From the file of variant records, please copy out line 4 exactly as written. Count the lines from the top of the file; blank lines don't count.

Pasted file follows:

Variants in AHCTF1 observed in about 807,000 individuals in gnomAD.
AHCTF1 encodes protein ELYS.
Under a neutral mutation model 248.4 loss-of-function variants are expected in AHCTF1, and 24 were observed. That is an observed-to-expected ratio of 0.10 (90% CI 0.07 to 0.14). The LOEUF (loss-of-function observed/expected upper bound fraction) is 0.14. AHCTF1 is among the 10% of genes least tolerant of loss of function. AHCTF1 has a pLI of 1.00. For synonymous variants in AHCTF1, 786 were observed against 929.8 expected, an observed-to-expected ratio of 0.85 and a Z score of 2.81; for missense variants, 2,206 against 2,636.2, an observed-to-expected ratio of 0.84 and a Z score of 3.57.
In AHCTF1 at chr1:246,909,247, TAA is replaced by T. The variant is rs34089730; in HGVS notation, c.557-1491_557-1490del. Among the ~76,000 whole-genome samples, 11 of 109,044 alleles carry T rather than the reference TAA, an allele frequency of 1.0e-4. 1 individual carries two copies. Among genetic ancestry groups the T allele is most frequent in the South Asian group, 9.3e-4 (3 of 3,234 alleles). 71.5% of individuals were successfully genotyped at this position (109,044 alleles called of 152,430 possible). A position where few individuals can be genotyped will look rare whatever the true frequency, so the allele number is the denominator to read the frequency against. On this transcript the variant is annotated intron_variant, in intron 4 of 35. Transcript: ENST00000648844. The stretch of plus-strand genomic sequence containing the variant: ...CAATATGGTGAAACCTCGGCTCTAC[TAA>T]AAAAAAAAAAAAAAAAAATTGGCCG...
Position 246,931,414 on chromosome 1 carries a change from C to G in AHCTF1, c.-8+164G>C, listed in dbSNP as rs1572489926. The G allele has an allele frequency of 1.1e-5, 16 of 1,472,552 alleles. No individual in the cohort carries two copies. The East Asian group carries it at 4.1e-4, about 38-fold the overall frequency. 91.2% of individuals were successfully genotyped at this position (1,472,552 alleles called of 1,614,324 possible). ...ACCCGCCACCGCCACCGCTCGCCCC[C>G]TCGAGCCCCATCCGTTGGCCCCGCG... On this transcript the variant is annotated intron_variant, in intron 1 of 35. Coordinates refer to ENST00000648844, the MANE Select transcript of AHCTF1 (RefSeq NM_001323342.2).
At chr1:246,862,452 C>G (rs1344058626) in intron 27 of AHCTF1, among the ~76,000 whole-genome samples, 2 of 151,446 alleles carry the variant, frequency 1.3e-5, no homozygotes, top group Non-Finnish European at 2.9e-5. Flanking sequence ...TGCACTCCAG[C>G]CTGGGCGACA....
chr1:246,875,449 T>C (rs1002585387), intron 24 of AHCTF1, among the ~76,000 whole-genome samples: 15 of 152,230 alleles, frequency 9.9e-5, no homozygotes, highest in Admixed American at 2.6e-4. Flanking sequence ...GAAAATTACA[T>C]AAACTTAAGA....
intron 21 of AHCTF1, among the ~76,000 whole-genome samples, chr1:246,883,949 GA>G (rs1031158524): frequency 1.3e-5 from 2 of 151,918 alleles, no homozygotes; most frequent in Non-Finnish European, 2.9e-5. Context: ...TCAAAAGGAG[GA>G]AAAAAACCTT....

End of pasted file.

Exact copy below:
In AHCTF1 at chr1:246,909,247, TAA is replaced by T. The variant is rs34089730; in HGVS notation, c.557-1491_557-1490del. Among the ~76,000 whole-genome samples, 11 of 109,044 alleles carry T rather than the reference TAA, an allele frequency of 1.0e-4. 1 individual carries two copies. Among genetic ancestry groups the T allele is most frequent in the South Asian group, 9.3e-4 (3 of 3,234 alleles). 71.5% of individuals were successfully genotyped at this position (109,044 alleles called of 152,430 possible). A position where few individuals can be genotyped will look rare whatever the true frequency, so the allele number is the denominator to read the frequency against. On this transcript the variant is annotated intron_variant, in intron 4 of 35. Transcript: ENST00000648844. The stretch of plus-strand genomic sequence containing the variant: ...CAATATGGTGAAACCTCGGCTCTAC[TAA>T]AAAAAAAAAAAAAAAAAATTGGCCG...